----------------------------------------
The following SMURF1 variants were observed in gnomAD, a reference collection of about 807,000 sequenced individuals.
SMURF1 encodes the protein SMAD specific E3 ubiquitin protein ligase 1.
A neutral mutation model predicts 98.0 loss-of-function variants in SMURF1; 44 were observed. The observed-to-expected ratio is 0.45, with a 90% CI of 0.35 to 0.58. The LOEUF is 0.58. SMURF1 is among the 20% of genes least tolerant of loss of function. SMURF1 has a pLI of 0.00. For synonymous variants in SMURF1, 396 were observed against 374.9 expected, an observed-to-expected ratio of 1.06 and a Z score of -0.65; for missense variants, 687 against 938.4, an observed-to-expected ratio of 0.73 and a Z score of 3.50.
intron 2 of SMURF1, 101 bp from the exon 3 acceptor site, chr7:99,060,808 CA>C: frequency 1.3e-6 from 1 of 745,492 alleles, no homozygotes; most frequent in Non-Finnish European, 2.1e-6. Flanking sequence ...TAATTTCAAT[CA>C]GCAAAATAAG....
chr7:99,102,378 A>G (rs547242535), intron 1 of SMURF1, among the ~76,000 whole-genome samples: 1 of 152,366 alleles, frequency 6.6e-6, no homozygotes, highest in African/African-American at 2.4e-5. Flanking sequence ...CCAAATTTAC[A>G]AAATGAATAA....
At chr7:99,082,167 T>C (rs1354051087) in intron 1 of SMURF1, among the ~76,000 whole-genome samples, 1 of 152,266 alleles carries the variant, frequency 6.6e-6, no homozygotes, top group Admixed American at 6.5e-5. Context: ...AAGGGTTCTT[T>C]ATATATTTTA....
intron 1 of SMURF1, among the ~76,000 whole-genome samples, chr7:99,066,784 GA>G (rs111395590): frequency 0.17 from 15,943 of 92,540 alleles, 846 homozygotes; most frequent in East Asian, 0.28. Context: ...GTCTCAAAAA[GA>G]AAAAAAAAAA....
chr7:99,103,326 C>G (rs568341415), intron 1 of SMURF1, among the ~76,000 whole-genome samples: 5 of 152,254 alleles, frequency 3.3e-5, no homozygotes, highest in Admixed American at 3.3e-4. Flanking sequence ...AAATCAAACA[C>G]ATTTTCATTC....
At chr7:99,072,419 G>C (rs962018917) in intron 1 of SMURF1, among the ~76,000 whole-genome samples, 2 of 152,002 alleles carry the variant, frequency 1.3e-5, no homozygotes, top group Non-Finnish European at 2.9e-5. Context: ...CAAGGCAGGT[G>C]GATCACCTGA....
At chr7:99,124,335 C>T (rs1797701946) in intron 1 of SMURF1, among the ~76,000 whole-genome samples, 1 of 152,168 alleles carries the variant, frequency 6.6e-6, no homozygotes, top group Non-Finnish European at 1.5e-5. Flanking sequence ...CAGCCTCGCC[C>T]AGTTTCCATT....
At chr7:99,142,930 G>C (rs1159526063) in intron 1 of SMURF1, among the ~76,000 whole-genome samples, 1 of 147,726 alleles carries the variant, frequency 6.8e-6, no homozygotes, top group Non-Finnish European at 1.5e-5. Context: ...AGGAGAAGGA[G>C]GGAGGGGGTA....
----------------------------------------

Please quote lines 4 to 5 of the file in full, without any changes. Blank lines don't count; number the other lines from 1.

intron 2 of SMURF1, 101 bp from the exon 3 acceptor site, chr7:99,060,808 CA>C: frequency 1.3e-6 from 1 of 745,492 alleles, no homozygotes; most frequent in Non-Finnish European, 2.1e-6. Flanking sequence ...TAATTTCAAT[CA>C]GCAAAATAAG....
chr7:99,102,378 A>G (rs547242535), intron 1 of SMURF1, among the ~76,000 whole-genome samples: 1 of 152,366 alleles, frequency 6.6e-6, no homozygotes, highest in African/African-American at 2.4e-5. Flanking sequence ...CCAAATTTAC[A>G]AAATGAATAA....